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  • Writer's pictureAnthony Chase

Death of a Streetcar Named Virginia Woolf

Review by ANTHONY CHASE


blanche and stanley confront each other
Blanche and Stanley (Anna Krempholt and Jacob Albarella) meet again in "Death of a Streecar Named Virgina Woolf" at Alleyway Theatre Photo: Sarah Potter/Alleyway Theatre

Thornton Wilder’s Our Town,

 

Arthur Miller’s Death of a Salesman

 

Tennessee Williams’ Streetcar Named Desire

 

Edward Albee’s Who’s Afraid of Virginia Woolf? 

 

Each has inspired countless impressionable young people into lifelong theatrical obsession.  Tim Sniffen’s play, Death of a Streetcar Named Virginia Woolf answers that unasked theatrical question, “What would happen if the main characters from all these plays got together?”

 

The premise that Blanche DuBois, Stanley Kowalski, George, Martha, and the tormented Willy Loman inexplicably might find themselves summoned to a New Orleans hotel run by the ever-brutish Stanley is ripe with explosive comic potential. Sniffen's preposterous and wildly ambitious concept alone would make this play, now at the Alleway Theatre, a must-see for theater geeks. Whether you think this is a transcendent comic work of meta-theatrical genius, or a sophomoric indulgence will depend on whether you want realism in this life or magic! Yes, yes, magic!

 

To me, this show is a divine guilty pleasure, directed by Kevin Leary and buoyed aloft by the deliciousness of a cast that should all be hauled in on charges of wanton theatrical excess and unmitigated buffoonery. However you slice it, you can't accuse Sniffen of playing it safe, as he unabashedly swings for the theatrical fences, committing outrageous acts of dramatic cooptation and distortion worthy of Charles Ludlum. 

 

A man narrating a story in front of a plantation house set on a stage
"Our Town" in Louisiana -- Nick Lama as The Stage Manager in "Death of a Salesman Named Desire" at Alleyway. Photo: Sarah Potter/Alleyway Theatre

The element that propels this mash-up of iconic dramas into the world of comedy is Sniffen’s hilarious lack of empathy for anyone. The Stage Manager, played with cheerfully cynical snideness by Nick Lama sets the tone. He doesn’t want to be there.  He is conscious of every theatrical cliché.  This is going to be trashy, but away we go!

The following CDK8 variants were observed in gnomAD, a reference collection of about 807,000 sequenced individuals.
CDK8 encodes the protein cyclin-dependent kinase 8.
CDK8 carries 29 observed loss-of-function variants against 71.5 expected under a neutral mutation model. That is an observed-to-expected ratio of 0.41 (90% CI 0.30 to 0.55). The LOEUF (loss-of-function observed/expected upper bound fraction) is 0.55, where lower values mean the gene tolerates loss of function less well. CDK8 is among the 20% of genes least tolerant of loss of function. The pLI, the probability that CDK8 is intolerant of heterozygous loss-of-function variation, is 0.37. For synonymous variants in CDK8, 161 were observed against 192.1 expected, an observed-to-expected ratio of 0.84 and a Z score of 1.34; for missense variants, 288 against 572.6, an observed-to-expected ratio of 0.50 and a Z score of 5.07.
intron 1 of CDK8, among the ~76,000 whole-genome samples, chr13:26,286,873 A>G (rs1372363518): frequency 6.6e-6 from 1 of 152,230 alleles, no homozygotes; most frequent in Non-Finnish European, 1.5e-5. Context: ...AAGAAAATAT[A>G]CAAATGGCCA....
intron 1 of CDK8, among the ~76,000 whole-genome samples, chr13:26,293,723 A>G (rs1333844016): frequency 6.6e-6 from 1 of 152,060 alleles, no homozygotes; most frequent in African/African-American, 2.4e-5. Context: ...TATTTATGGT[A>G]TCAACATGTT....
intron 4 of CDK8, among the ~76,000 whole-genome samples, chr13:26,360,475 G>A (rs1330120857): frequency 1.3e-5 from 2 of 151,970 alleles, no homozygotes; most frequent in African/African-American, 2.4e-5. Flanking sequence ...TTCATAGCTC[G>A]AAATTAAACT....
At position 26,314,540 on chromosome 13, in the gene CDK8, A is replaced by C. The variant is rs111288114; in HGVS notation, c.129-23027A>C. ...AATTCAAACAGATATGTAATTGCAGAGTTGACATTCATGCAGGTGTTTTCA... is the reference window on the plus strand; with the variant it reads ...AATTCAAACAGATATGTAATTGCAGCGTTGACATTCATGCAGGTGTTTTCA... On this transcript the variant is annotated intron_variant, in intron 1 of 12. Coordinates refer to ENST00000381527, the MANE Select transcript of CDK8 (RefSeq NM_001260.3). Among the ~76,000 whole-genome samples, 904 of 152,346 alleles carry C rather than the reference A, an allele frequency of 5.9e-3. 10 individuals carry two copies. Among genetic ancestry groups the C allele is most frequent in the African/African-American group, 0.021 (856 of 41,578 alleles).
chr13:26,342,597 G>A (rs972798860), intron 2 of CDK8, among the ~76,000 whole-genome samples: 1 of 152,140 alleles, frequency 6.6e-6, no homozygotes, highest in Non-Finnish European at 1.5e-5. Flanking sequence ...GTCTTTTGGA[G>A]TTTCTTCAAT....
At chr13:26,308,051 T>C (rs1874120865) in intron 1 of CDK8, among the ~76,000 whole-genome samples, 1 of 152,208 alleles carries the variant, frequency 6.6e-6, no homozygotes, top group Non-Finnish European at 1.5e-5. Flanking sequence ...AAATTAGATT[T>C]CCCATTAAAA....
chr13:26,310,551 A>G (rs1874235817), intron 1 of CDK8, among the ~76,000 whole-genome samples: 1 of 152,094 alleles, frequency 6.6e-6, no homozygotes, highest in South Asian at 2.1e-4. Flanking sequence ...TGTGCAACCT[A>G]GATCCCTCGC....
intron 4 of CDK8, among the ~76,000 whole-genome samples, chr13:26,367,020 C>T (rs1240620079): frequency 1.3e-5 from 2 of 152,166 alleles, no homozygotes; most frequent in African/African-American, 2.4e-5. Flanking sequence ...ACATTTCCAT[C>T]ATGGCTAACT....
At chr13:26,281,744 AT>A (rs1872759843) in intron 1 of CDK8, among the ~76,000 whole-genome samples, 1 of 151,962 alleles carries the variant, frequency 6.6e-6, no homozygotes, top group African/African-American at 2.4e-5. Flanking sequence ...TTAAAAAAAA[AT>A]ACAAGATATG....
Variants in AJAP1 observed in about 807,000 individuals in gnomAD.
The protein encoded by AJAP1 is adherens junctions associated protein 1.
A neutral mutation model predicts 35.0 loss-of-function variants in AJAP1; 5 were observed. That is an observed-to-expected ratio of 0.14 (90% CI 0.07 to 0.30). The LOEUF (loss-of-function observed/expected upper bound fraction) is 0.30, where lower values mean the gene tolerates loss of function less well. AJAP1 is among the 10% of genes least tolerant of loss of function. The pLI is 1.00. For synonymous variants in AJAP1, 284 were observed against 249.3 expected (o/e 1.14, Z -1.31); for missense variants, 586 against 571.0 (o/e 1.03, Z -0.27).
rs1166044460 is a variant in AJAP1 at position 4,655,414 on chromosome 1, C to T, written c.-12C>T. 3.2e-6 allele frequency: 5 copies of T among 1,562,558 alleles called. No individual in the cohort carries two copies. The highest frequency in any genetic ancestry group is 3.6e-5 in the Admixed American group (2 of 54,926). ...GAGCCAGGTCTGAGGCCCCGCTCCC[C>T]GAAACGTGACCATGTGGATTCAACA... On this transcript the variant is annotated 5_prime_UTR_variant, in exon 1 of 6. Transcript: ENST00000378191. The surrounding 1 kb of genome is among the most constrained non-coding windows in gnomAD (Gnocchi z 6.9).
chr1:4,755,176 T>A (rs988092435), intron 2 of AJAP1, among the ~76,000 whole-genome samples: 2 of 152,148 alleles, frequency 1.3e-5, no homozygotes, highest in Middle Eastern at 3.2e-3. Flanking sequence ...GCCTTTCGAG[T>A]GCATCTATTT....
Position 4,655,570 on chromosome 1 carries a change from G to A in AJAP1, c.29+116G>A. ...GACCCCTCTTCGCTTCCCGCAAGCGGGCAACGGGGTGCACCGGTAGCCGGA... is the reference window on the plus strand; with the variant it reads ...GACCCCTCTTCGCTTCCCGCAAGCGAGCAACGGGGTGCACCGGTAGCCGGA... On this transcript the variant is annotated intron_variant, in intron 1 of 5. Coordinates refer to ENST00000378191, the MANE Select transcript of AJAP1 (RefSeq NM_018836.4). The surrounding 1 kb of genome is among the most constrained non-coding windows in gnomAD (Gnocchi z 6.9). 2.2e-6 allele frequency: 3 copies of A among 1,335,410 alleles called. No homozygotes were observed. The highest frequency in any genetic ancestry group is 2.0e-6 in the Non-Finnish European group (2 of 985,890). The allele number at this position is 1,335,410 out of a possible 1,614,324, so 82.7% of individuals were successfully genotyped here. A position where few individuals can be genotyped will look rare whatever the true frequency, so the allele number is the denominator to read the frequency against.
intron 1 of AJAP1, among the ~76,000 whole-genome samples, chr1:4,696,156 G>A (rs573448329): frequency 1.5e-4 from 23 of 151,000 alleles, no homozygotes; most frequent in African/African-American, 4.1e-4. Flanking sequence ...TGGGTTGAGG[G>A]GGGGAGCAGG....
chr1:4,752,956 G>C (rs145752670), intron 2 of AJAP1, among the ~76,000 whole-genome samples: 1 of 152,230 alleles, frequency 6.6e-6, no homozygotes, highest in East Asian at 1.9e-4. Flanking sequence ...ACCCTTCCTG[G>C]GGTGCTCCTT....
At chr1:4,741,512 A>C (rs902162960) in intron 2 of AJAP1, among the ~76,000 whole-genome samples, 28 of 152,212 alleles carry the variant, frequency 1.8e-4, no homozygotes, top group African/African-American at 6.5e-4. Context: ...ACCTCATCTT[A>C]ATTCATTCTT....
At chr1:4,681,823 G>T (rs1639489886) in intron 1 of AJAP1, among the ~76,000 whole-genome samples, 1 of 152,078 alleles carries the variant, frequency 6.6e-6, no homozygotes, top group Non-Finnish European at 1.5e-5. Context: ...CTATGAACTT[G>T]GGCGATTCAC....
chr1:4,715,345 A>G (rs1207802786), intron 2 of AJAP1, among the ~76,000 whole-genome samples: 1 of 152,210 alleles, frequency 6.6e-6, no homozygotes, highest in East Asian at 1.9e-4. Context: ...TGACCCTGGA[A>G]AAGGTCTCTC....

Suicidal Willy, played with unrelenting earnestness by David C. Mitchell, is presented as a buffoon. He inspires about as much sympathy as The Born Loser from the funny papers.  Blanche is played with doubly unrelenting earnestness by Anna Krempholtz, and frequently gets lost in hypnotic vocalizations about the Louisiana heat, or into unrestrained sexual machinations. Jacob Albarella gives an over-the-top portrayal of Stanley, the likes of which has never been seen outside of a drunken cast party.  As George and Martha, Peter Horn and Lindsay Brandon Hunter betray not a glimmer of shame as they lean fully into the excesses of their excessive characters with irresistibly comical meanness. Horn is ever the model of prim propriety, even in the face of total perversity. Hunter’s world-weary Martha had me laughing with every sardonic and contemptuous toss of her brilliantly bewigged head.

 

A man in a hat sits in a chair and is confronted by ghosts
"Death of a Salesman" meets "Our Town" as Willy Loman (David C. Mitchell) finds himself in a chair cemetery. Photo: Sarah Potter/Alleyway Theatre

The script manages to mine iconic images from the famed scripts. Yes, we get the chair graveyard from Our Town; certainly, Stanley will call for Stella; and it is extraordinary how booze resonates in 20th century American drama.  The overlap of the plays is also delightful; watch Hunter’s confused reaction as Blanche puts the moves on her.  See Willy Loman’s disappointment at Our Town’s version of the afterlife.


Martha and George (Lindsay Brandon Hunter and Peter Horn) in Elysian Fields as "Who's Afraid of Virginia Woolf" meets "Streetcar Named Desire" Photo: Sarah Potter/Alleyway Theatre
Martha and George (Lindsay Brandon Hunter and Peter Horn) in Elysian Fields as "Who's Afraid of Virginia Woolf" meets "Streetcar Named Desire" Photo: Sarah Potter/Alleyway Theatre

The handsome set, a hybrid of Streetcar and Cat on a Hot Tin Roof, is by Collin Ranney, as are the perfect costumes.  (That fabulous, embroidered number on Blanche was, I’m told, purchased online!) In this production, even Emma Schimminger’s lighting design is funny, with its stark contrasts and abrupt changes.

 

To mirror the language of the play, Death of a Streetcar Named Virginia Woolf whips a potent blender filled with anguish, delusion, and desperation into a fruity Molotov cocktail of comic frivolity. It’s equal part reverence and irreverence for some of the greatest American dramas of the twentieth century. 

 

No, this is not a brilliant play; neither does it aspire to be one. There will be no startling insights or illuminating reappraisals of time-honored truths.  Nonetheless, this is high comic art. The major insight is that we should, perhaps, laugh at ourselves a bit more. Don’t deprive yourself of this wickedly subversive bit of theatrical fun.


 

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